Perception of Threat
Ultimately, it is difficult to ascertain the true reasons behind North Korea’s refusal to engage Australia on a diplomatic level. Whether the reasons are geopolitical, ideological or even economic, the North Korean government clearly perceives Australia as a threat and is unwilling to pursue a more amicable relationship with the country. Without further engagement and dialogue between the two countries, it is likely that tensions between them will continue to remain high.
IPR and Trade Disputes
Australia and North Korea have also had past disagreements over protection of intellectual property rights and federal trade regulations. Australia has consistently held the firm belief that respect for IPRs and fair/equal trade practices should be upheld, despite North Korea’s infamous track record of violating both of them. In 2018, North Korea publicly accused Australia of ‘interfering with its domestic trade system’ and called it “economic aggression”. This triggered a trade dispute between the two countries that is yet to be truly resolved.
Australia has also imposed a range of trade sanctions on North Korea in response to the country’s continued development of nuclear weapons and constant violations of international law. In addition to Australian sanctions, the United Nations Security Council also imposed a series of economic sanctions on North Korea in 2017, resulting in further tensions between the countries. North Korea has continually accused Australia of unfairly targeting the country’s economy, which has in turn hardened the regime’s attitudes towards Australia.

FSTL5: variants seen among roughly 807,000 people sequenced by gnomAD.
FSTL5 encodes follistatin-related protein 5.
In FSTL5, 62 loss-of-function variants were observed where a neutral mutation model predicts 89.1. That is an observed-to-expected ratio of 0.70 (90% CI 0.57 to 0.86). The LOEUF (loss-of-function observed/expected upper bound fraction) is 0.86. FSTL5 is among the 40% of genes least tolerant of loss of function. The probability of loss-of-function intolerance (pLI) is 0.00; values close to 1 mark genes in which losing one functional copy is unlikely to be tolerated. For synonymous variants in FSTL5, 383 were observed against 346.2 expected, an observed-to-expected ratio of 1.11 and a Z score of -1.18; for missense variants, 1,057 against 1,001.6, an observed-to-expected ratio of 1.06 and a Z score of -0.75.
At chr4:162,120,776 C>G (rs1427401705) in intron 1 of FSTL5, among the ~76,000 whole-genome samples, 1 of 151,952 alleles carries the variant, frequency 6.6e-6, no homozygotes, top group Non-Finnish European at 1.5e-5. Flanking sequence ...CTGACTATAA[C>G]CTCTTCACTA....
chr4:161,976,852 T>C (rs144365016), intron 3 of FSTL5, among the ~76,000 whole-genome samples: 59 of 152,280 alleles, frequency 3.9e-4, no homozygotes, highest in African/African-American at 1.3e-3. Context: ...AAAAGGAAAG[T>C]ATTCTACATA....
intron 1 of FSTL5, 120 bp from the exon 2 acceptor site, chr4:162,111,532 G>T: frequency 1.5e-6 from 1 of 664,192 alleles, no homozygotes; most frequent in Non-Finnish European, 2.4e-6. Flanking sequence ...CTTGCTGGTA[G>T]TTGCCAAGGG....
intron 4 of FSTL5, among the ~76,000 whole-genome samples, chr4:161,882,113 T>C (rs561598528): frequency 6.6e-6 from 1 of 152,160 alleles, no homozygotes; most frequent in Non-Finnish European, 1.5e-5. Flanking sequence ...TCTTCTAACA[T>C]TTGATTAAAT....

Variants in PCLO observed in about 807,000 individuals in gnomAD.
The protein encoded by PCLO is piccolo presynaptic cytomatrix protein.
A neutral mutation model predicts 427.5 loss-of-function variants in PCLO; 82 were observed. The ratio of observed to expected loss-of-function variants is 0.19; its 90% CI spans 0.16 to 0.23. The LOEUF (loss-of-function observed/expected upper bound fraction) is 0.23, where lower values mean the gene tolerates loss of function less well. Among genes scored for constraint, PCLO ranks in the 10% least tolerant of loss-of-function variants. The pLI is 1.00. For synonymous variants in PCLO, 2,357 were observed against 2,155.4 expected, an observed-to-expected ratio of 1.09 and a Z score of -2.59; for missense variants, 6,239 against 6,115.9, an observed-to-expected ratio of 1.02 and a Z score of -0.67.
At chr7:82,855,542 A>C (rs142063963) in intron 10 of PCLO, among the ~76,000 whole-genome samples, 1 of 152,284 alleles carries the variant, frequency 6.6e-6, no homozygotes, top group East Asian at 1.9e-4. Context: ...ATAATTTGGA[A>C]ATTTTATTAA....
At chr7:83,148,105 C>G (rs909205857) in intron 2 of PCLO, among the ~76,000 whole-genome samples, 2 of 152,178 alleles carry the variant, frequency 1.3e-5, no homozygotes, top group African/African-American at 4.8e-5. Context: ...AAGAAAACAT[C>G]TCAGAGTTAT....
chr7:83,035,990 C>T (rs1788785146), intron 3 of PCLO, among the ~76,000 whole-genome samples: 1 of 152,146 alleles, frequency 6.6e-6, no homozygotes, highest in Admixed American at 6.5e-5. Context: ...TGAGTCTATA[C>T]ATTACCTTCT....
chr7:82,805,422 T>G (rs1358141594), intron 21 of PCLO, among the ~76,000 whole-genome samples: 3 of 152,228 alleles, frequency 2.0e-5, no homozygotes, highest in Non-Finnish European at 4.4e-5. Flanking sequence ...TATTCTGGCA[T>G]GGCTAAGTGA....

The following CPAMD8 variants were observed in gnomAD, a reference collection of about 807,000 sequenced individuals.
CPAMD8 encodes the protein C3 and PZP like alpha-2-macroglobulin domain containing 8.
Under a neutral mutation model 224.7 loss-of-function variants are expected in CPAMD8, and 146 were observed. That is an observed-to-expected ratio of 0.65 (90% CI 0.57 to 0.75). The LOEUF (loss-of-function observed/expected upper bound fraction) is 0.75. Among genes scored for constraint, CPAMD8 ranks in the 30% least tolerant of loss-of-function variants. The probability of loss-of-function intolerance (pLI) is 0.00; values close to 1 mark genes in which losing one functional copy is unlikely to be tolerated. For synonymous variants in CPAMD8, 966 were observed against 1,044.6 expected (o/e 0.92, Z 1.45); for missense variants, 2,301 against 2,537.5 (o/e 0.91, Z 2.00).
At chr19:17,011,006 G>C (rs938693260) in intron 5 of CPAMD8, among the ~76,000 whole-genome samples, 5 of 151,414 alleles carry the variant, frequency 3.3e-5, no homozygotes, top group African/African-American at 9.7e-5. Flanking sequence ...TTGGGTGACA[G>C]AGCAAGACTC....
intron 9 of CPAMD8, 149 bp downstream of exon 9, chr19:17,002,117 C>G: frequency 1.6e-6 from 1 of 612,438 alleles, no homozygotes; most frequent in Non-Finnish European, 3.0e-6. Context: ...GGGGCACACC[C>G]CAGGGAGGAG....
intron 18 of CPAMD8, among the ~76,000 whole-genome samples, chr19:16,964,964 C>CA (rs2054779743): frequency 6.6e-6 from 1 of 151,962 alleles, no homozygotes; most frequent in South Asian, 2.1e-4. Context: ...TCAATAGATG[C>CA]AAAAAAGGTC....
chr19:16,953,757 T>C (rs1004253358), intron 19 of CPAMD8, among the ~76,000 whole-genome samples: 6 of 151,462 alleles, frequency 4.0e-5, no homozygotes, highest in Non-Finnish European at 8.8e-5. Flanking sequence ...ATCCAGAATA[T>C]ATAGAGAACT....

Despite the tensions between them, there are signs that Australia and North Korea may be looking to re-open diplomatic talks in an attempt to resolve some of their issues. In October 2018, Australia announced that it was in the process of organising talks between the two countries to open up diplomatic channels. However, with the current state of hostilities between them, it is unclear whether these efforts will be successful in defusing the tensions in the region.
Role of the US
The United States’ involvement and position in relation to North Korea has also been a key factor in the strained relations between Australia and North Korea. North Korea has viewed Australia’s close ties and alliance with the US as a direct threat. North Korea has continually warned the US not to involve itself in ‘its’ internal and external affairs, and these warnings have been echoed by North Korea’s spread to Australia. This has added further tension to Australia-North Korea relations, and it appears that any further progress or negotiations will be contingent on the US’ role in the region.
Overall, North Korea’s hostility towards Australia is rooted in the country’s historical conflict with the West, military confrontations, diplomatic backlash, geopolitical issues, political ideology, economic factors and its perception of threat from Australia. These issues continue to be highly relevant in dictating the current state of relations between the two countries, which shows no sign of improvement. With the involvement of the US in the region and the potential for new negotiations, the future of Australia and North Korea’s diplomatic relations remains uncertain.